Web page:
For China, investment was booming despite the global crisis in 2020. The mainland became the largest recipient of foreign direct investment with $163 billion in inflows. This has put the mainland on the pedestal—because according to the United Nations Conference on Trade and Development—the US attracted $134 billion last year. In Latin America and the Carribean, for example, foreign direct investments dropped by 37 percent, while it fell by 18 percent in Africa and by 4 percent in developing Asia. That said, East Asia had accounted for one-third of global foreign direct investment in the same period, while developed countries saw a significant fall by 69 percent.
Largest recipient of FDI in 2020
Since the onset of the coronavirus pandemic, the mainland climbed to the top position receiving the highest foreign direct investment. In 2019, the US had received $251 billion in inflows, while the mainland had received $140 billion. The United Nations Conference on Trade and Development said that the foreign direct investment “finished 2020 more than 30 percent below the trough after the global financial crisis in 2009.”
On the economic front, it is reported that the mainland had picked up pace in the fourth quarter of the year on the back of its growth surpassing expectations. With that, the mainland is expected to further expand this year despite the pandemic putting pressure on economic growth globally. Touching upon the mainland’s pandemic-growth, it is worth noting that its gross domestic product had climbed 2.3 percent, according to official data.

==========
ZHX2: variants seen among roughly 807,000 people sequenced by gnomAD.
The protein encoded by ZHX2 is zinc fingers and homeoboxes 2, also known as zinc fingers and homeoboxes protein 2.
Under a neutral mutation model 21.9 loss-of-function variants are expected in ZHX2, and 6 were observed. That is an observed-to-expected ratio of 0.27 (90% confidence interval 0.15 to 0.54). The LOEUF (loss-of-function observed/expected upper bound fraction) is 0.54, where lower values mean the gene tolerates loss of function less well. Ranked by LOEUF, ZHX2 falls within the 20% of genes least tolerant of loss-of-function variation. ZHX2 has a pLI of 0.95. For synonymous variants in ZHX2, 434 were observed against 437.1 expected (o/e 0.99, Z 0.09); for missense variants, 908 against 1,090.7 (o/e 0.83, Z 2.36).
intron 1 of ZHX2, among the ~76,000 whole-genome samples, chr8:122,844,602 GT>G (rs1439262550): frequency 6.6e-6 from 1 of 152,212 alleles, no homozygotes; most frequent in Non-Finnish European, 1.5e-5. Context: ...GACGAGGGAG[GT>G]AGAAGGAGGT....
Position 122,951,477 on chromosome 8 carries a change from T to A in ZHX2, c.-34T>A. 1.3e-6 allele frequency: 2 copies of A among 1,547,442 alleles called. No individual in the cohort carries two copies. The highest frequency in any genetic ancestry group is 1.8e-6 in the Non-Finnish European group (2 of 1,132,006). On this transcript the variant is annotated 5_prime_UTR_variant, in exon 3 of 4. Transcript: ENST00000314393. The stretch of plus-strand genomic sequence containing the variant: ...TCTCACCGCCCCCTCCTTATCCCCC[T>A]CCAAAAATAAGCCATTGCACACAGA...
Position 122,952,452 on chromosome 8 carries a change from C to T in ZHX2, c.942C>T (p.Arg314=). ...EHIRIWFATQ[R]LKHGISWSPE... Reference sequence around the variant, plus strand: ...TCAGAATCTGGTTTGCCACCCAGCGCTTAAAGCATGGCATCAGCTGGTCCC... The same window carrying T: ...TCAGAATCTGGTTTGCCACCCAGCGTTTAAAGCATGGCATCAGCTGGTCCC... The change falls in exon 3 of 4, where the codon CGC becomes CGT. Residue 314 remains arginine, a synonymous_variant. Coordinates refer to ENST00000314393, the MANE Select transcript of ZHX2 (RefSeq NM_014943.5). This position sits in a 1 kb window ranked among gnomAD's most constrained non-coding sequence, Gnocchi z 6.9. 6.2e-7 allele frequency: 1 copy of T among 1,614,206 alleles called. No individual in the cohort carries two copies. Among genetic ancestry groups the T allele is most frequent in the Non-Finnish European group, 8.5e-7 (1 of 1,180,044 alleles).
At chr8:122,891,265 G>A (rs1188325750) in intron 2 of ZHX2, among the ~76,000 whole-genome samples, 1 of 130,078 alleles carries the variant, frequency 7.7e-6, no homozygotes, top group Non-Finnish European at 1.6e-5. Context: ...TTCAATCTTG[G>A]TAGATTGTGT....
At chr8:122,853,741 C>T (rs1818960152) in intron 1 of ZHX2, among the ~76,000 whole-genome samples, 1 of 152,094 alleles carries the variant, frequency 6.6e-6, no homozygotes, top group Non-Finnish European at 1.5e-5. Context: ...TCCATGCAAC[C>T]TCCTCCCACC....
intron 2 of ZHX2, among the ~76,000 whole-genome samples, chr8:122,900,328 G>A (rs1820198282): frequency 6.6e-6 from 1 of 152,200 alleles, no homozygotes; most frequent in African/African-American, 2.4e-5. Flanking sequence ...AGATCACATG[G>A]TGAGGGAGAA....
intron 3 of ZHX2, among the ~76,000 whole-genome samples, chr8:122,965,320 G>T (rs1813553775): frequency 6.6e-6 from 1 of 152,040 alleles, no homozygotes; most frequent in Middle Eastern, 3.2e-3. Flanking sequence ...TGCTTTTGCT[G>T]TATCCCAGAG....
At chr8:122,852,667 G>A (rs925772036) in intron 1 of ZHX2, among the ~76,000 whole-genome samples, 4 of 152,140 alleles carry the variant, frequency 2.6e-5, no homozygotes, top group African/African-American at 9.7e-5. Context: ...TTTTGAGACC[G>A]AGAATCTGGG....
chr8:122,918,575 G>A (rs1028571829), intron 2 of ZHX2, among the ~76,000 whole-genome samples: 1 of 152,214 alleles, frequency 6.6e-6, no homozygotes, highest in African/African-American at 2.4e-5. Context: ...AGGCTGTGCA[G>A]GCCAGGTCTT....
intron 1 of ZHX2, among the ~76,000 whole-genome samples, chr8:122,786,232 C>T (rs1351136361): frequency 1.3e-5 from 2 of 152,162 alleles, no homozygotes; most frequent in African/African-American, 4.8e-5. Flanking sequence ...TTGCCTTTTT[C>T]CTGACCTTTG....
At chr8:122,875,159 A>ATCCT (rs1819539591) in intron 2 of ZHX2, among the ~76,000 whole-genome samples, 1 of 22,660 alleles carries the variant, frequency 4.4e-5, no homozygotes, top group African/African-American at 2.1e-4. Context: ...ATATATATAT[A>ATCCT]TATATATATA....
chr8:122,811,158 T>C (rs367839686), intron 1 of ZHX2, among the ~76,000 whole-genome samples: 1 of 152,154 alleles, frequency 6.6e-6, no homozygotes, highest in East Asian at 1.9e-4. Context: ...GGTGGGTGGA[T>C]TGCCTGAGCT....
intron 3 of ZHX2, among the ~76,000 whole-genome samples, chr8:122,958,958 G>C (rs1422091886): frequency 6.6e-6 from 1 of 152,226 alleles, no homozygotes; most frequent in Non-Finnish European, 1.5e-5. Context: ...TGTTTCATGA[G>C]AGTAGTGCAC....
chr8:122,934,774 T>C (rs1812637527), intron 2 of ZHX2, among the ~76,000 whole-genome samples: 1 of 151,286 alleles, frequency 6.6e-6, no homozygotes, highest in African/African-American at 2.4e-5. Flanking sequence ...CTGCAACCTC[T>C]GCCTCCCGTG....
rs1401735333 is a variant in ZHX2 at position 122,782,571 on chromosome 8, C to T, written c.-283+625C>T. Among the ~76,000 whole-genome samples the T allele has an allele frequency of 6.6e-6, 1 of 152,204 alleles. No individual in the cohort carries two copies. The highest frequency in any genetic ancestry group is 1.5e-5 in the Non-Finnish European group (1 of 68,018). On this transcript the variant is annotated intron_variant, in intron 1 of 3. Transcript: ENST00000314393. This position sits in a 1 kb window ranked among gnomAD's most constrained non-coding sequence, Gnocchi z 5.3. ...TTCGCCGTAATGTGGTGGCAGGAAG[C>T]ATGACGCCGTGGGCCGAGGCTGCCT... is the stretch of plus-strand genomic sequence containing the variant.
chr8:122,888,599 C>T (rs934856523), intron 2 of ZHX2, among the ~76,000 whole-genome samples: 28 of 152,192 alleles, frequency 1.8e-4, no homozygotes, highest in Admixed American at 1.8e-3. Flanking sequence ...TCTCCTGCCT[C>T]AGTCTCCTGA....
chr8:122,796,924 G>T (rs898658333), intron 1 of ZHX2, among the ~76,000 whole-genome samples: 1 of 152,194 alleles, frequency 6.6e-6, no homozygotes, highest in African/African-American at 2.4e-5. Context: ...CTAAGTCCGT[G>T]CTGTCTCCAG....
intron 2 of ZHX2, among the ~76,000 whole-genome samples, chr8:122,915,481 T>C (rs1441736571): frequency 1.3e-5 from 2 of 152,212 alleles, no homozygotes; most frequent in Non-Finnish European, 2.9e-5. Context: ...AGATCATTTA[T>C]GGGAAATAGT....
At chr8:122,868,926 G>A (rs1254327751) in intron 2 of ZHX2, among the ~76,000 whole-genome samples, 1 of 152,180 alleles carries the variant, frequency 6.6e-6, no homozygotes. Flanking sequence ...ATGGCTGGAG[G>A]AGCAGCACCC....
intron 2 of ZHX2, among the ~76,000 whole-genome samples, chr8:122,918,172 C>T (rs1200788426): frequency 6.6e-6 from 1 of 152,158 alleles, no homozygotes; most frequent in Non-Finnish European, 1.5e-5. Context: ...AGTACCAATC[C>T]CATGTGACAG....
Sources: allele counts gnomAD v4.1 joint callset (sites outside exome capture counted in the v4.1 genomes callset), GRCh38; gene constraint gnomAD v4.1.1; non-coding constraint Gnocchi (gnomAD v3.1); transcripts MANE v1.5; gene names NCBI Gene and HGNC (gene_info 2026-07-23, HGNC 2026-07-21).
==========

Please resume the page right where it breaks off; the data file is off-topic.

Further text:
Interestingly, this in turn has made the mainland the only major world economy to have dodged a contraction in 2020. Although the mainland is found to be in a good position to thrive, it has surprised many with its rapid economic recovery from the pandemic. Another added pressure to its global relations is the trade war with the US that anticipated a slow recovery in contrast to its current state.
China’s FDI must not overshadow global diversification
For that reason, investors have been piling into the mainland’s stocks. However, it is important to note that it must not overshadow the critical need for global diversification, according to Nigel Green, chief executive of deVere Group. “China’s benchmark index the CSI 300, which tracks shares on the Shanghai and Shenzhen stock exchanges, jumped nearly 2 percent as investors around the world rushed for exposure to the People’s Republic’s economic recovery from the Covid pandemic.” In Green’s view, “these fresh impressive gains for Chinese equities come after an incredible year in 2020 in which the index added more than 27 percent,” and the fact that the investment trend on the mainland is expected to continue through 2021 is quite impressive.
However, amid all of this there is more for investors to keep in mind in terms of positioning themselves well in the long-term. It is true that the mainland has had an impressive economic recovery; it is likely to pick up pace and make a very attractive investment destination. “But as 2020 showed us with perhaps too much clarity, things can change quickly and so-called ‘certainties’ can shift overnight. Therefore, as ever, it is essential that investors have a truly diversified portfolio. This includes across geographical regions, assets classes, sectors and currencies. A good fund manager that can secure global exposure and actively seek out opportunities in Asia, especially in China, will best position investors to reap rewards in 2021,” Green said.